- Atlantic Spotted Dolphin
name = Atlantic Spotted DolphinMSW3 Cetacea|id=14300090]
status = DD
status_system = iucn3.1
status_ref =IUCN2008|assessors=HammondHammond, P.S., Bearzi, G., Bjørge, A., Forney, K., Karczmarski, L., Kasuya, T., Perrin, W.F., Scott, M.D., Wang, J.Y., Wells, R.S. & Wilson, B.|year=2008|id=20732|title=Stenella frontalis|downloaded=7 October 2008]
image2_width = 250px
image2_caption = Atlantic Spotted Dolphins, Bahamas
phylum = Chordata
genus = "
species = "S. frontalis"
binomial = "Stenella frontalis"
binomial_authority = Cuvier, 1829
synonyms ="Stenella plagiodon" Cope, 1866
range_map_width = 250px
range_map_caption = Atlantic Spotted Dolphin rangeThe Atlantic Spotted Dolphin ("Stenella frontalis") is a
dolphinfound in the Gulf Streamof the North Atlantic Ocean. Older members of the species have a very distinctive spotted coloration all over their body.
The Atlantic Spotted Dolphin was first identified by Cuvier in 1828. There is considerable variation in the physical form of individuals in the species and specialists have long been uncertain as to the correct taxonomic classification. Currently just one species is recognised, however it is quite possible that a large, particularly spotty variant commonly found near
Floridamay be classified as a formal subspeciesor indeed a species in its own right.
The coloring of the Atlantic Spotted Dolphin varies enormously as they grow.Calves are a fairly uniform grey colour. When the calves are weaned, they then begin to get their spots. Juveniles have some dark spots on their belly, and white spots of their flanks. Their back and dorsal fin are a darker grey than the rest of the body. As the animal matures the spots became denser and spread until the body appears black with white spots at full maturation.
The Atlantic Spotted Dolphin has a 3-part coloration::Dark gray back, lighter sides, and a white belly.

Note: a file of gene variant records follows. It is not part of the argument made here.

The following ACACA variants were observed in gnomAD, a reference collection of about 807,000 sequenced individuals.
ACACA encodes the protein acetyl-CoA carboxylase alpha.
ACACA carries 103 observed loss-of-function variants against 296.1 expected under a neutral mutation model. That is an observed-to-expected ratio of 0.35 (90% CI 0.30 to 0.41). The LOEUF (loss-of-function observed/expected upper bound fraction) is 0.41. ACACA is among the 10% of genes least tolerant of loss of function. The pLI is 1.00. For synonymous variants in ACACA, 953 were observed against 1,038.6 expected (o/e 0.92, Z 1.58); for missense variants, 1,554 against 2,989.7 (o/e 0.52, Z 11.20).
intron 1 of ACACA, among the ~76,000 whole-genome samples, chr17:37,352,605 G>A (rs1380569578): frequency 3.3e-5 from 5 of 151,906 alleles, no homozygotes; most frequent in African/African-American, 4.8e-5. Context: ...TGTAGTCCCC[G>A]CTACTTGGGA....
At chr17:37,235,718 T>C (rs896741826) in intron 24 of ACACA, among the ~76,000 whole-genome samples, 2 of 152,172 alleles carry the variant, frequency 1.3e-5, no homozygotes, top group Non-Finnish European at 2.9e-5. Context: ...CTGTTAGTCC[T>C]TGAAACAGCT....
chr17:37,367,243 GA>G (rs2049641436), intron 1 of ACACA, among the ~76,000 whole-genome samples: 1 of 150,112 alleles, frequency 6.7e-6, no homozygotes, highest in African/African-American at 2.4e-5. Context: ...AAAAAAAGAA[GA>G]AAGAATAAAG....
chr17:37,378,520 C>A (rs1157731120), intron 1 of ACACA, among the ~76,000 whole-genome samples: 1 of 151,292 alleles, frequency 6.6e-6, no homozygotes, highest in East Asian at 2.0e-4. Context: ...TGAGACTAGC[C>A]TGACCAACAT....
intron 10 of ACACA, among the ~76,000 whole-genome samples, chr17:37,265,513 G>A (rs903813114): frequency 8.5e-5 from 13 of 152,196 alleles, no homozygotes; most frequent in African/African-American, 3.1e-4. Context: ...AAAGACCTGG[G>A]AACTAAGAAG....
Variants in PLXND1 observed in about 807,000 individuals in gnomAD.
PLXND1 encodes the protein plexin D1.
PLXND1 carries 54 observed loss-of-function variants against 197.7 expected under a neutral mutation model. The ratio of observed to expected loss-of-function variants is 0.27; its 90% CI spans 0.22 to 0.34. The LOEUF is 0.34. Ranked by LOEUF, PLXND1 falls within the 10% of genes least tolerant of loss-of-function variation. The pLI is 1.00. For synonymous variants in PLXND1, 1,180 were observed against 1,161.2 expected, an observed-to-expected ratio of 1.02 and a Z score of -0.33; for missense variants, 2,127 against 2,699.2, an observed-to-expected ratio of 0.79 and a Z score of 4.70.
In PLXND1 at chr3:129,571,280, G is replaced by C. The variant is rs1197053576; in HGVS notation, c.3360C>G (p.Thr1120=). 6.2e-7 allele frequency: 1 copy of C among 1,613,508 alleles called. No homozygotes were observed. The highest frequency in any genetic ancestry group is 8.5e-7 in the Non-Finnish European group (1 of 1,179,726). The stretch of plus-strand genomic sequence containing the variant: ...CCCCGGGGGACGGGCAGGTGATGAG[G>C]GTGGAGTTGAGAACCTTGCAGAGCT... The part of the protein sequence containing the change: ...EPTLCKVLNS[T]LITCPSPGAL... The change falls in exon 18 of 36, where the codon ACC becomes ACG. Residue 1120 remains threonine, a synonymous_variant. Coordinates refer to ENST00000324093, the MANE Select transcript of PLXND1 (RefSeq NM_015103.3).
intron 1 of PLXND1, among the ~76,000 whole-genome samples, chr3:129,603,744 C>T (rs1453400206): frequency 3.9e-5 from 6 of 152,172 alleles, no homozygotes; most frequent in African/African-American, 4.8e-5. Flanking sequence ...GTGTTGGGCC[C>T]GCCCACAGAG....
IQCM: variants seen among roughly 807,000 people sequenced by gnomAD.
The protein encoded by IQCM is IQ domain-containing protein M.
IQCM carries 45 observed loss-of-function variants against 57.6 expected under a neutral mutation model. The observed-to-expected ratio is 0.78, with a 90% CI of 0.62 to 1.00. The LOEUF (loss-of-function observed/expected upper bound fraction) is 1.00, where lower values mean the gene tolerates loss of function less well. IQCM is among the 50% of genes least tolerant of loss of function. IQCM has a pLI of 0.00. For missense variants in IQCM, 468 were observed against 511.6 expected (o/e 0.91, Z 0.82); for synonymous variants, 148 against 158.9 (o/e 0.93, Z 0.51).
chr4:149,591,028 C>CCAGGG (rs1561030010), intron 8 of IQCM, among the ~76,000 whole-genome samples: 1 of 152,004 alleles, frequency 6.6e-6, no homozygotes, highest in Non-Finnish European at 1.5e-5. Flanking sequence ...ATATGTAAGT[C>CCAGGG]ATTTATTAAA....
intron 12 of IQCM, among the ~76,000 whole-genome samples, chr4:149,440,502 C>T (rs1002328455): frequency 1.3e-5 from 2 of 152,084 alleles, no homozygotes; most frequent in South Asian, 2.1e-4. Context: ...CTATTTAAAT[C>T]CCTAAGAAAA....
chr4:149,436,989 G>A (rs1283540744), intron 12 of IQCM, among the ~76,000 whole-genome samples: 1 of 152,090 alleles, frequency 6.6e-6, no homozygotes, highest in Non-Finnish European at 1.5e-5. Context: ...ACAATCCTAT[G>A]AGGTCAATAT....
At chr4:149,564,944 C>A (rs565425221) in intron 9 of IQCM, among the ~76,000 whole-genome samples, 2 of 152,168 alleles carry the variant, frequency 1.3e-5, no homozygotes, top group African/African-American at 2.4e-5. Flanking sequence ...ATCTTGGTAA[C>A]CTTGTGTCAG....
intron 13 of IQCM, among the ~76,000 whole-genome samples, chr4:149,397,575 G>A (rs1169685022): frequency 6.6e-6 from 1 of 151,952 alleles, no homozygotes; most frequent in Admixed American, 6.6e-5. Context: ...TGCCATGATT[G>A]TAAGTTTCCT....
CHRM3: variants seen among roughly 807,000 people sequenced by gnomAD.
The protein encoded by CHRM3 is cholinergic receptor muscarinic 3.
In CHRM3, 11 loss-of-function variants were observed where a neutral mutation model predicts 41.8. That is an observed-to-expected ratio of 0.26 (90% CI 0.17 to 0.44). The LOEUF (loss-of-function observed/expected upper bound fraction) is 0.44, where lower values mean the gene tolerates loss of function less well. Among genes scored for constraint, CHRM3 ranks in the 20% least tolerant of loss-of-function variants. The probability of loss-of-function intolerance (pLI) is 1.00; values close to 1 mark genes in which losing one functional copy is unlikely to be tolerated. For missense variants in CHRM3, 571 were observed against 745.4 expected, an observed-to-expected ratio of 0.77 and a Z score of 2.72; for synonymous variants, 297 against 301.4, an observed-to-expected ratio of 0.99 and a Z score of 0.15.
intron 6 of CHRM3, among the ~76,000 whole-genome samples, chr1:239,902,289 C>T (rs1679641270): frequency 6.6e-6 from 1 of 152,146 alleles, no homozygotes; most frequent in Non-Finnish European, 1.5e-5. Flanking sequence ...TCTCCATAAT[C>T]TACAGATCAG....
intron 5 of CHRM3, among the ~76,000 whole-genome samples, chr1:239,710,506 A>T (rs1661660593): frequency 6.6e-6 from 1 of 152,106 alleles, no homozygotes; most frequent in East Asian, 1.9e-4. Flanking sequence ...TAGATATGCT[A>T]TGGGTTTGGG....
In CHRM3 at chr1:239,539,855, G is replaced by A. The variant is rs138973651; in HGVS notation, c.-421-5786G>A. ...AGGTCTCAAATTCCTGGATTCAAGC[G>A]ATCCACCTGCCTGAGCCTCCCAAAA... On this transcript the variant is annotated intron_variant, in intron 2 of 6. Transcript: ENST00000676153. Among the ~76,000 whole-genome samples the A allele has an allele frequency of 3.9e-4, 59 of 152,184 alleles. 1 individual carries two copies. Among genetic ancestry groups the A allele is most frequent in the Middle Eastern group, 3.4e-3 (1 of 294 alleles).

Measurements at Birth::Length: about 35"-43" (90-110 cm):Weight: unavailable
Maximum Measurments::Length:::Male 7'5" (2.26 m)::Female 7'6" (2.29 m):Weight:::Male 310 lb. (140 kg)::Female 290 lb. (130 kg)
These dolphins are a middle sized dolphin in both length and weight.At full size South American Spotted Dolphins are about 2.2-2.5 m in length. Compared to their much smaller pantropical spotted dolphin, the Atlantic spotted dolphin is more robust. It lives in common waters with the pantropical spotted dolphin and the bottlenose dolphin.
In common with other species in its genus the Atlantic Spotted is a gregarious creature. It is a fast swimmer, keen bow-rider and prone to acrobatic aerial displays.
Population and distribution
The species is endemic to the temperate and tropical areas of the Atlantic Ocean. It has been widely observed in the western end of the Gulf Stream, between Florida and
Bermuda. It is also present in the Gulf of Mexico. More infrequent sightings have been made further east, off the Azoresand Canary Islands. Northerly sightings have been made as far north as Cape Codacross to the south-western tip of Spain. They are certainly present further south too as far as Rio Grande do Sulin Brazil and across to west Africa. However the distribution is poorly understood in these areas.
About 20 years ago, there were only about 80 dolphins in the Bahamas. Now, 20 years later, there are almost 200 dolphins there. On account of their similar appearance to other dolphins in their range it is difficult to be sure of the Atlantic Spotted Dolphin's population. A conservative estimate is around 100,000 individuals.
Some Atlantic Spotted Dolphins, particularly some of those are around The
Bahamashave become habituated to human contact. In these areas cruises to watch and even swim with the dolphins are common.
Atlantic Spotted Dolphins are an occasional target of
harpoonfishermen and every year some creatures are trapped and killed in gillnets. However these activities are not currently believed to be threatening the survival of the species. This species lives in the mesopelagic layer of the ocean
*"Whales Dolphins and Porpoises", Mark Carwardine, Dorling Kindersley Handbooks, ISBN 0-7513-2781-6
*"National Audubon Society Guide to Marine Mammals of the World", Reeves, Stewart, Clapham and Powell,and there is no characteristics for survival. ISBN 0-375-41141-0
* Perrin, William F. (2002). " [http://www.science.smith.edu/departments/Biology/VHAYSSEN/msi/default.html Stenella frontalis] ". "Mammalian Species" (702):1–6.
* [http://www.wdcs.org: Whale and Dolphin Conservation Society]
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